When you’ve filled your historical coffers in Leadville, follow the Arkansas River south 35 miles to the ranching community of Buena Vista. (Locals pronounce it Bū-na Vista – rhymes with “you.”) You’ve now crossed into Chaffee County, Colorado – known for its high number of 14,000 foot high mountain peaks. This section of the Rockies is called the Collegiate Peaks Mountains, because they are named Harvard, Princeton, Yale, Columbia and Oxford (and you can climb them for $0 in tuition fees!).
Whitewater in the Colorado Rockies
Buena Vista was well known for their lettuce production in the late 1800s and early 1900s. In fact, a large lake just outside the city limits was named “Ice Lake,” because of its supply of the frozen water for shipping lettuce in railcars. These days, the town is still known for water. Only now, it’s whitewater flowing down the Arkansas, which has everything from Class 1 to Class V rapids within a 20-mile length of the river.
Ghost towns, fishing and back-country beauty
Cattle ranches abound in this wide verdant valley … as do mountain lakes, hiking trails and summer Jeep tours. Venture 10 miles west to one of the best preserved ghost towns you’ll ever see – St. Elmo. Mountain bike through fields of wildflowers in the summer, or take advantage of all of the back-country snowmobile trails in the area after winter snows. Fishermen will love the opportunity to fly fish for trout in the summer AND winter. And definitely jump in a raft and experience real whitewater with one of the many rafting companies along the river from May through August.
The downtown district of Buena Vista has recently been transformed with a number of new restaurants and music venues. You can catch a band at the newly renovated Lariat Bar or listen to acoustic guitar in an outdoor patio at House Rock Kitchen. The summer season brings free concerts in McPhelemy Park every Thursday night, and most weekends have a festival of one kind or another.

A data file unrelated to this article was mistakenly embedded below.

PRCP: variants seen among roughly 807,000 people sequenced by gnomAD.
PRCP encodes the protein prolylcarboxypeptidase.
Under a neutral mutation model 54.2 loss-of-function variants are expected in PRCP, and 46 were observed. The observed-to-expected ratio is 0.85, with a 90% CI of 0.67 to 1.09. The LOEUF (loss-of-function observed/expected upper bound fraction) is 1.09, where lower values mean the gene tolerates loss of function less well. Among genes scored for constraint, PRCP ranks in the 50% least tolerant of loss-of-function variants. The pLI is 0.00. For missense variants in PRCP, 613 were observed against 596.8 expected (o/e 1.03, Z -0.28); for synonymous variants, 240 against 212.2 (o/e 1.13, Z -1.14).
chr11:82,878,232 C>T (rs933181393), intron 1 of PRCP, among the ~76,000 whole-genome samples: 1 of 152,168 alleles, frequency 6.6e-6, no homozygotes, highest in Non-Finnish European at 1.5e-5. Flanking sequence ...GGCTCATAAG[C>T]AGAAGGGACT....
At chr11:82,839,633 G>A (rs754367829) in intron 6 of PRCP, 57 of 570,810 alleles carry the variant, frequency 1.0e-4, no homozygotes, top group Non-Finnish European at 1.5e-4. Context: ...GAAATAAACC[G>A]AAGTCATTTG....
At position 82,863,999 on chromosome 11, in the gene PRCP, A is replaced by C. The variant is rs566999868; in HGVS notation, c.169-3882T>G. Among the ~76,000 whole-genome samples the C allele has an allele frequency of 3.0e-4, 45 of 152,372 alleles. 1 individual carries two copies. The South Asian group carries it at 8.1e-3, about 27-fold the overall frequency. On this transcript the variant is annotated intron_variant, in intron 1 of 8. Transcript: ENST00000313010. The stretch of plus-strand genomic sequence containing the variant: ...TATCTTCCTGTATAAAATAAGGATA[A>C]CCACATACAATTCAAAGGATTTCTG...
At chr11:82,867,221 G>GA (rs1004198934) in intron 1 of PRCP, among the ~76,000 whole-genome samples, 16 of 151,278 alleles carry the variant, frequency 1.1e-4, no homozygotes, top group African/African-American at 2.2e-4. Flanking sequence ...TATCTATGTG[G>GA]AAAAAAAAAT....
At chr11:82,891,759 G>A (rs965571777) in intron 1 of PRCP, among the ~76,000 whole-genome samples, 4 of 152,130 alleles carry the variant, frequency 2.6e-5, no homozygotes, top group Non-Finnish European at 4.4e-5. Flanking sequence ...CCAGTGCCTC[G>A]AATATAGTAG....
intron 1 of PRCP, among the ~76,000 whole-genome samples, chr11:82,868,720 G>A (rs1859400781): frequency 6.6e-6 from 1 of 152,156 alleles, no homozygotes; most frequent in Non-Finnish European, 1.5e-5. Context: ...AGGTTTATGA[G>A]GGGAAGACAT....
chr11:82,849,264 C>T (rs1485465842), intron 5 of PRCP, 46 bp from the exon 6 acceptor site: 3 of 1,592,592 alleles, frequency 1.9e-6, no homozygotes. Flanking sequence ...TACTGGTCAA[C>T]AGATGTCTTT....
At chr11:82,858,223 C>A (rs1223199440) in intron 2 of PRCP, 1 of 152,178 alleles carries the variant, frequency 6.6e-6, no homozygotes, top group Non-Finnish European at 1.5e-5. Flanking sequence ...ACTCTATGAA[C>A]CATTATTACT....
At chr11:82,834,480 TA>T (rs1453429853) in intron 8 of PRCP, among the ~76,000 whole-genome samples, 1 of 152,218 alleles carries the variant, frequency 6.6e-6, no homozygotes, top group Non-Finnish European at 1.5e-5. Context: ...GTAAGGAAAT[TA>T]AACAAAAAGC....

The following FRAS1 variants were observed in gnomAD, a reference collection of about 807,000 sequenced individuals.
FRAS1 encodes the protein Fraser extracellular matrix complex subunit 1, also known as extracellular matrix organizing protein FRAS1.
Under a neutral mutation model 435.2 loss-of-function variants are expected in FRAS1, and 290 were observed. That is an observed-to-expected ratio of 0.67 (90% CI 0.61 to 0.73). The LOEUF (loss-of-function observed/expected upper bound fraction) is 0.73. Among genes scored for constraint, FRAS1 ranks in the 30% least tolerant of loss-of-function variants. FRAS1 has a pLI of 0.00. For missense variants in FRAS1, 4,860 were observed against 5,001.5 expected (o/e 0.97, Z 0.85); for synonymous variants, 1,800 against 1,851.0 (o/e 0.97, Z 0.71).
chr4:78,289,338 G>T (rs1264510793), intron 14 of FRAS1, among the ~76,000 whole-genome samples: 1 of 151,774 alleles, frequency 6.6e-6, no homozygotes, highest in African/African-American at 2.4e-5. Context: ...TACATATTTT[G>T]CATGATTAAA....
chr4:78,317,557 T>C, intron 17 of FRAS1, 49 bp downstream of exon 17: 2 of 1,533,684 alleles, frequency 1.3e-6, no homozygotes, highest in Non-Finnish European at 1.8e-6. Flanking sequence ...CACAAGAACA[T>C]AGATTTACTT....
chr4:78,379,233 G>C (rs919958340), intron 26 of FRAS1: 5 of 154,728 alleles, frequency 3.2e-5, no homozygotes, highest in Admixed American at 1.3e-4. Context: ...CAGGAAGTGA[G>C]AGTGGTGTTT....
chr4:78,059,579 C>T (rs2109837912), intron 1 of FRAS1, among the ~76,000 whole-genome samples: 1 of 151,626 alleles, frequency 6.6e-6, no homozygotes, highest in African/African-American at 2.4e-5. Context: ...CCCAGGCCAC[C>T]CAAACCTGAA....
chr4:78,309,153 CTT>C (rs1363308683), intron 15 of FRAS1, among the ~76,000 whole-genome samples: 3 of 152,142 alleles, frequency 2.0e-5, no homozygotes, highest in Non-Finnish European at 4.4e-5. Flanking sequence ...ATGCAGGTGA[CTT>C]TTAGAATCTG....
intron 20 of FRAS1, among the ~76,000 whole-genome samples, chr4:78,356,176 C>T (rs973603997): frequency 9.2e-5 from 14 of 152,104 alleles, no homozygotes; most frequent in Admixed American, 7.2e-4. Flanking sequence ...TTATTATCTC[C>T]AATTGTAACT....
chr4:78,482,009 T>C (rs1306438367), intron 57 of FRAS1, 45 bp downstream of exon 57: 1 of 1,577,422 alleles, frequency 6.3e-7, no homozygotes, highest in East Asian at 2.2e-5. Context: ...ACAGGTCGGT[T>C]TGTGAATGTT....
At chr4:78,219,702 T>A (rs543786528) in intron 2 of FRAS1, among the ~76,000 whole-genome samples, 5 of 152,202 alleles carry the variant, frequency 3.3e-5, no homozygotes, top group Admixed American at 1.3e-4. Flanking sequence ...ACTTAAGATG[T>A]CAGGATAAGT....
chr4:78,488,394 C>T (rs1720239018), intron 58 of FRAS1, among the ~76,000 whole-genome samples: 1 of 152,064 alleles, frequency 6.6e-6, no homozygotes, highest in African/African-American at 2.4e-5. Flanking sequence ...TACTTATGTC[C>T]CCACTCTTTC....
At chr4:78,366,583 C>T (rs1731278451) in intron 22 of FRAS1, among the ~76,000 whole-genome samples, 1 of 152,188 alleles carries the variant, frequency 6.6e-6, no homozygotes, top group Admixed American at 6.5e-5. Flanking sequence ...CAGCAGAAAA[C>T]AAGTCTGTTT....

Memorial Day weekend brings the biggest crowds to town for Paddlefest: a celebration of kayaking on the Arkansas River. At the east end of Main Street, you can literally jump into the water and practice “surfing” in a play park that is rumored to be the longest in the nation. It is here that competitors perform pirouettes and enders in the high water of spring runoff season, while in Town Lake those who long for more peaceful water learn to paddle board.
Just south of Buena Vista near Nathrop lies the newly recognized Browns Canyon National Monument, which is best experienced from a raft, as it lies on both sides of the Arkansas. The monument is filled with massive boulders, granite spires and endless vistas. The rugged terrain is accessible by horseback, mountain bike, and hiking, as well as by raft or kayak.
Have breakfast on top of the world
In the summer season, head west on Main Street in Buena Vista with a picnic breakfast. In approximately 20 miles, you will wind your way up to Cottonwood Pass, where you can watch the sunrise behind you, scattering light on the mountains at your feet as you munch on that muffin and have a cup of joe. It’s a great way to start the day!
And no matter what the season, end your time in Buena Vista by soaking in the Mount Princeton Hot Springs just west of town. You can lounge by the pools or crawl down into Chalk Creek. Wall off your own little spa with rocks, keeping the hot water to yourself. It’s most indulgent after a long day of skiing at nearby Monarch Mountain. Let the water massage your tired and aching muscles as snow falls on your head!
This little mountain town is said to inhabit “The Banana Belt” of the Colorado Rockies. With winter temps commonly in the 30s and summer rarely gets above 85 degrees …a perfect slice of heaven in either season! The surrounding San Isabel National Forest offers a plethora of campgrounds. There are also several privately owned RV parks in the area. Eighty Percent of Chaffee County is public land, meaning the National Forest and Bureau of Land Management have thousands of acres on which to camp and explore.
So, why not put your RV to good use and spend a weekend in the Upper Arkansas Valley of Colorado?